Six to receive honorary degrees

A jazz composer and musician and the former mayor of Philadelphia are among the six notables chosen to receive honorary degrees at Penn’s 244th Commencement May 22. In addition to poet and Nobel laureate Seamus Heaney, this year’s Commencement speaker (Current, April 6), the honorees are:

Wynton Marsalis, the first jazz musician to win a Pulitzer Prize in music, will receive a Doctor of Music. His achievements as a musician and composer of both jazz and classical music include winning nine Grammy awards. In 1996, Time named him among America’s 25 most influential people.

Edward G. Rendell (C’65), former mayor of Philadelphia, will receive a Doctor of Laws. During his tenure, he restored fiscal stability to a municipal government that was near bankruptcy, increasing the City of Philadelphia’s revenue collection by $70 million a year without an increase in taxes.

Ronald Dworkin, LL.B., Quain Professor of Jurisprudence at University College, London, and Sommer Professor of Law and Philosophy at New York University, will receive a Doctor of Laws. His writings on the nature of law, constitutional interpretation, human rights, the theory of democratic government, social justice, and legal and social issues from affirmative action to assisted suicide have transformed the interpretation of these matters.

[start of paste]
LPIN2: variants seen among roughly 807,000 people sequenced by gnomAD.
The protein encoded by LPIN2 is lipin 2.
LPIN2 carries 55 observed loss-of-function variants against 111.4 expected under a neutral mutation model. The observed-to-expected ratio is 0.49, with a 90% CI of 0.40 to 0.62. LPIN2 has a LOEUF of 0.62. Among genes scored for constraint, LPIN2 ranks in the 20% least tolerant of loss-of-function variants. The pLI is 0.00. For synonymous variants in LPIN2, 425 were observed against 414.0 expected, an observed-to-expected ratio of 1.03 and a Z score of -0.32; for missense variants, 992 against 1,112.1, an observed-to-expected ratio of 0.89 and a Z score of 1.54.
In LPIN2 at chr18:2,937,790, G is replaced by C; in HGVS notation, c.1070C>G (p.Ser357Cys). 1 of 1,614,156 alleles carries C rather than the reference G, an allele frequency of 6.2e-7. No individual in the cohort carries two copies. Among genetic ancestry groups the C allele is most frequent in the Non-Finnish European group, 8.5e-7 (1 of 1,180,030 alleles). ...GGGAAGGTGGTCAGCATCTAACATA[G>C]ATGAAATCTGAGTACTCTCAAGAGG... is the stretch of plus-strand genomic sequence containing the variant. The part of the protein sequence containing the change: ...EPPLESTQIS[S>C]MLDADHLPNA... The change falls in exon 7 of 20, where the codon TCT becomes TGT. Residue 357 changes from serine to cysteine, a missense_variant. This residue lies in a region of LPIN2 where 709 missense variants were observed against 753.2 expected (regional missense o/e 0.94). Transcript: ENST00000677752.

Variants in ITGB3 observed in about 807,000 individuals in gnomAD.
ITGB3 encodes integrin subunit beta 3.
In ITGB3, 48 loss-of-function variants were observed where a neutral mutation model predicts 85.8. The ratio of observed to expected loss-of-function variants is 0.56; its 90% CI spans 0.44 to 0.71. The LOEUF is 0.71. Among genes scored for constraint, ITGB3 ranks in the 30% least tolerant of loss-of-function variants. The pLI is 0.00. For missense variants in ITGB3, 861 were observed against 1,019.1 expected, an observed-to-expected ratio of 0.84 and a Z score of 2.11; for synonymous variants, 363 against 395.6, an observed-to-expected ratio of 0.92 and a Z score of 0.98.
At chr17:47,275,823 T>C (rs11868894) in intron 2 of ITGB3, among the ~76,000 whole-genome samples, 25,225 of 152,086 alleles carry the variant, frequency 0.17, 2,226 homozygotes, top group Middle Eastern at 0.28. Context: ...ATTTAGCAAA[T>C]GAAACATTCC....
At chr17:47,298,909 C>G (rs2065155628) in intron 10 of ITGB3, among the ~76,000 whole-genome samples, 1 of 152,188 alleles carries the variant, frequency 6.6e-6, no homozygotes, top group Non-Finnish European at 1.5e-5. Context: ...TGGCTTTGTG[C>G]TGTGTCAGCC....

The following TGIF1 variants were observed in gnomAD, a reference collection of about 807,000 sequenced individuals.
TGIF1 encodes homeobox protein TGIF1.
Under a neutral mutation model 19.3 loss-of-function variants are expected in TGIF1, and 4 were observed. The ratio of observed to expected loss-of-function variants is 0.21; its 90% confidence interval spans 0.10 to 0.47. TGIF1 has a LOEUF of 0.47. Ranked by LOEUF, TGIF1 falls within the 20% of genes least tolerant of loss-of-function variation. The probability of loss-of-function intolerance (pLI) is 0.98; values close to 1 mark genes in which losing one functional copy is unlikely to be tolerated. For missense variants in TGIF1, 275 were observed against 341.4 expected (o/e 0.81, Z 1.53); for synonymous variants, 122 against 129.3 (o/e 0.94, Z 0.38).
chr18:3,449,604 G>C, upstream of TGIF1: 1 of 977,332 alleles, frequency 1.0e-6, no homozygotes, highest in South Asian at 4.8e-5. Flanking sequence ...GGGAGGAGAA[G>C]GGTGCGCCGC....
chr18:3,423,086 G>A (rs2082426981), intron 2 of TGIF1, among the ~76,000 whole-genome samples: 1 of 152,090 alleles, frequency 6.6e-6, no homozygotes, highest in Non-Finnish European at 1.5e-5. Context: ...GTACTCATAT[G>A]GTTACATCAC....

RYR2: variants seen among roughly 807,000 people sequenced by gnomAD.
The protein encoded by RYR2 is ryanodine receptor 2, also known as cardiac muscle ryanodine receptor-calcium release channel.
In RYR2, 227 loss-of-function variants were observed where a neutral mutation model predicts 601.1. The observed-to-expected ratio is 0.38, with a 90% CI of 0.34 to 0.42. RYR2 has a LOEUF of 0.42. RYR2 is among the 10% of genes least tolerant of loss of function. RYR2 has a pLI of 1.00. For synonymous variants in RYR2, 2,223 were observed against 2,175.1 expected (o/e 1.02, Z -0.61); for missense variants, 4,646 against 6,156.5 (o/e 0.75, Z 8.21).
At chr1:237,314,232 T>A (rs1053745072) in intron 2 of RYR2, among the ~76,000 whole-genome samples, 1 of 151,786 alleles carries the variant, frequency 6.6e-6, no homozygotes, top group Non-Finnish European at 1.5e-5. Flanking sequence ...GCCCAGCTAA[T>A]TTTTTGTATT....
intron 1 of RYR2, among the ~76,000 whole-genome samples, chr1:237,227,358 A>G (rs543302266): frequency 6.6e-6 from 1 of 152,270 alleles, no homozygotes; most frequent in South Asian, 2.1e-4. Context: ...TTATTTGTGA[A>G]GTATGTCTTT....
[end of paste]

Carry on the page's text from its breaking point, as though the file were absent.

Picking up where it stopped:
John N. Bahcall, Ph.D., Richard Black Professor of Natural Sciences at the Institute for Advanced Study in Princeton, will receive a Doctor of Science. One of the world’s most distinguished astrophysicists, Bahcall studies solar models, neutrino oscillations, nuclear fusion reactions and neutrinos from the sun, and contributed to the planning and development of the Hubble Space Telescope. He received the National Medal of Science in 1998 and the NASA Distinguished Public Service Medal in 1993.

Mary Douglas, D.Phil., retired professor of social anthropology at the University of London, will receive a Doctor of Humane Letters. Douglas’ book "Purity and Danger" (1966) was listed in The Times of London as one of the 100 books that have influenced Western public discourse since the Second World War. Her second book, "Natural Symbols" (1970), won her international attention and remains one of the single most important contributions to the theoretical analysis of culture.


Originally published on April 20, 2000